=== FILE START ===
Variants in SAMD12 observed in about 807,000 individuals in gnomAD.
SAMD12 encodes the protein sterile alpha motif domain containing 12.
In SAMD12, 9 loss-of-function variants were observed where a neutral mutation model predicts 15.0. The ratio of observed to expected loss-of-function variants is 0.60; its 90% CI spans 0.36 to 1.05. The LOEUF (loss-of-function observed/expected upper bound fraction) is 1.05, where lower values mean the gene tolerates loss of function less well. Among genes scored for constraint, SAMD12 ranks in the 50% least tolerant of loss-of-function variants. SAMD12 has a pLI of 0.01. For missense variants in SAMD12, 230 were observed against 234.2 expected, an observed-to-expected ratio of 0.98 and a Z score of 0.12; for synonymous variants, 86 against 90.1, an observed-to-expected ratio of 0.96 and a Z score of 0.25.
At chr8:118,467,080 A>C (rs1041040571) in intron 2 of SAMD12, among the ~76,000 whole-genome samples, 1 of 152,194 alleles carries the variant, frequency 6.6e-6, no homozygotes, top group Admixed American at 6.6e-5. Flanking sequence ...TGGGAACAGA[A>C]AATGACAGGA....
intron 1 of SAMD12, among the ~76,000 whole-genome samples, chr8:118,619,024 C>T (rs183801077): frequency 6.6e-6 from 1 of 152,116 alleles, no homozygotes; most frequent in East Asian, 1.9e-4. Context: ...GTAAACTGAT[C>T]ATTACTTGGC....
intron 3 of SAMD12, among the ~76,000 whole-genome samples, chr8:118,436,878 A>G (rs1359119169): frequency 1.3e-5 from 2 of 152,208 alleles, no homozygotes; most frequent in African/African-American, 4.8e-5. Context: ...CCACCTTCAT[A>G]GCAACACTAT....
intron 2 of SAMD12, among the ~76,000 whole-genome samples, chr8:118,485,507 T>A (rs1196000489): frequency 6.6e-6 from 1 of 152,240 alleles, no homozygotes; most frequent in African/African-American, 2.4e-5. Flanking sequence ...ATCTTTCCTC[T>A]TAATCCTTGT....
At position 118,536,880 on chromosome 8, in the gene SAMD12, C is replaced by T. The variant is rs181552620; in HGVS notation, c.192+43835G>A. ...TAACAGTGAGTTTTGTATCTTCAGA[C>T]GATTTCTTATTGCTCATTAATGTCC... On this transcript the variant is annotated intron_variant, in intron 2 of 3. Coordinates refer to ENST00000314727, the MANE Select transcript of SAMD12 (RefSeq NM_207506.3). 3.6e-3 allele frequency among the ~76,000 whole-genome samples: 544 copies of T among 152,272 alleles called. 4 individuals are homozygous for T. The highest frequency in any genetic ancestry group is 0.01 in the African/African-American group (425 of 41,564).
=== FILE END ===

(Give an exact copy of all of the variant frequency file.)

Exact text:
Variants in SAMD12 observed in about 807,000 individuals in gnomAD.
SAMD12 encodes the protein sterile alpha motif domain containing 12.
In SAMD12, 9 loss-of-function variants were observed where a neutral mutation model predicts 15.0. The ratio of observed to expected loss-of-function variants is 0.60; its 90% CI spans 0.36 to 1.05. The LOEUF (loss-of-function observed/expected upper bound fraction) is 1.05, where lower values mean the gene tolerates loss of function less well. Among genes scored for constraint, SAMD12 ranks in the 50% least tolerant of loss-of-function variants. SAMD12 has a pLI of 0.01. For missense variants in SAMD12, 230 were observed against 234.2 expected, an observed-to-expected ratio of 0.98 and a Z score of 0.12; for synonymous variants, 86 against 90.1, an observed-to-expected ratio of 0.96 and a Z score of 0.25.
At chr8:118,467,080 A>C (rs1041040571) in intron 2 of SAMD12, among the ~76,000 whole-genome samples, 1 of 152,194 alleles carries the variant, frequency 6.6e-6, no homozygotes, top group Admixed American at 6.6e-5. Flanking sequence ...TGGGAACAGA[A>C]AATGACAGGA....
intron 1 of SAMD12, among the ~76,000 whole-genome samples, chr8:118,619,024 C>T (rs183801077): frequency 6.6e-6 from 1 of 152,116 alleles, no homozygotes; most frequent in East Asian, 1.9e-4. Context: ...GTAAACTGAT[C>T]ATTACTTGGC....
intron 3 of SAMD12, among the ~76,000 whole-genome samples, chr8:118,436,878 A>G (rs1359119169): frequency 1.3e-5 from 2 of 152,208 alleles, no homozygotes; most frequent in African/African-American, 4.8e-5. Context: ...CCACCTTCAT[A>G]GCAACACTAT....
intron 2 of SAMD12, among the ~76,000 whole-genome samples, chr8:118,485,507 T>A (rs1196000489): frequency 6.6e-6 from 1 of 152,240 alleles, no homozygotes; most frequent in African/African-American, 2.4e-5. Flanking sequence ...ATCTTTCCTC[T>A]TAATCCTTGT....
At position 118,536,880 on chromosome 8, in the gene SAMD12, C is replaced by T. The variant is rs181552620; in HGVS notation, c.192+43835G>A. ...TAACAGTGAGTTTTGTATCTTCAGA[C>T]GATTTCTTATTGCTCATTAATGTCC... On this transcript the variant is annotated intron_variant, in intron 2 of 3. Coordinates refer to ENST00000314727, the MANE Select transcript of SAMD12 (RefSeq NM_207506.3). 3.6e-3 allele frequency among the ~76,000 whole-genome samples: 544 copies of T among 152,272 alleles called. 4 individuals are homozygous for T. The highest frequency in any genetic ancestry group is 0.01 in the African/African-American group (425 of 41,564).